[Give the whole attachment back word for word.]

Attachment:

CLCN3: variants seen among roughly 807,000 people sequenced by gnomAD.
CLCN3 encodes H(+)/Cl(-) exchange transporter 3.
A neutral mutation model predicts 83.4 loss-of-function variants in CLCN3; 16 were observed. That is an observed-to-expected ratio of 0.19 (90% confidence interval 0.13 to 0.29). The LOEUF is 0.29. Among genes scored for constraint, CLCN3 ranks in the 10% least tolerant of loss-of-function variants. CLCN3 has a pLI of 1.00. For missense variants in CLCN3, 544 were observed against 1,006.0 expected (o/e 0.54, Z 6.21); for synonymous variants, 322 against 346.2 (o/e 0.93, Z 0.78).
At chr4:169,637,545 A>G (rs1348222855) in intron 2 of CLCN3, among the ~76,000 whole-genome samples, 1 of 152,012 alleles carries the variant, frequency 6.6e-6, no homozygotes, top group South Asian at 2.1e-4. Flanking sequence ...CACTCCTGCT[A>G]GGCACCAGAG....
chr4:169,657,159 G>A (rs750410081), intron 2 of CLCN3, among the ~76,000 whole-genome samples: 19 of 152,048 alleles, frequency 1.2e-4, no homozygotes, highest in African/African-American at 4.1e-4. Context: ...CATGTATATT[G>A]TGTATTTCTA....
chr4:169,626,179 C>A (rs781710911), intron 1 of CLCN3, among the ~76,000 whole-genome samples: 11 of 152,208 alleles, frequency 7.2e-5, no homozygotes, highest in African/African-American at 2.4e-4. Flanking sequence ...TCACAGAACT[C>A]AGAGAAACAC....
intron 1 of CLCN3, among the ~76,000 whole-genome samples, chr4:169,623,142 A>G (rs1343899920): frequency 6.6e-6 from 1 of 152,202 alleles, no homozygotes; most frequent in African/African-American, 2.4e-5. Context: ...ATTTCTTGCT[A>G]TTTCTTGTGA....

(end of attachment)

CLCN3: variants seen among roughly 807,000 people sequenced by gnomAD.
CLCN3 encodes H(+)/Cl(-) exchange transporter 3.
A neutral mutation model predicts 83.4 loss-of-function variants in CLCN3; 16 were observed. That is an observed-to-expected ratio of 0.19 (90% confidence interval 0.13 to 0.29). The LOEUF is 0.29. Among genes scored for constraint, CLCN3 ranks in the 10% least tolerant of loss-of-function variants. CLCN3 has a pLI of 1.00. For missense variants in CLCN3, 544 were observed against 1,006.0 expected (o/e 0.54, Z 6.21); for synonymous variants, 322 against 346.2 (o/e 0.93, Z 0.78).
At chr4:169,637,545 A>G (rs1348222855) in intron 2 of CLCN3, among the ~76,000 whole-genome samples, 1 of 152,012 alleles carries the variant, frequency 6.6e-6, no homozygotes, top group South Asian at 2.1e-4. Flanking sequence ...CACTCCTGCT[A>G]GGCACCAGAG....
chr4:169,657,159 G>A (rs750410081), intron 2 of CLCN3, among the ~76,000 whole-genome samples: 19 of 152,048 alleles, frequency 1.2e-4, no homozygotes, highest in African/African-American at 4.1e-4. Context: ...CATGTATATT[G>A]TGTATTTCTA....
chr4:169,626,179 C>A (rs781710911), intron 1 of CLCN3, among the ~76,000 whole-genome samples: 11 of 152,208 alleles, frequency 7.2e-5, no homozygotes, highest in African/African-American at 2.4e-4. Flanking sequence ...TCACAGAACT[C>A]AGAGAAACAC....
intron 1 of CLCN3, among the ~76,000 whole-genome samples, chr4:169,623,142 A>G (rs1343899920): frequency 6.6e-6 from 1 of 152,202 alleles, no homozygotes; most frequent in African/African-American, 2.4e-5. Context: ...ATTTCTTGCT[A>G]TTTCTTGTGA....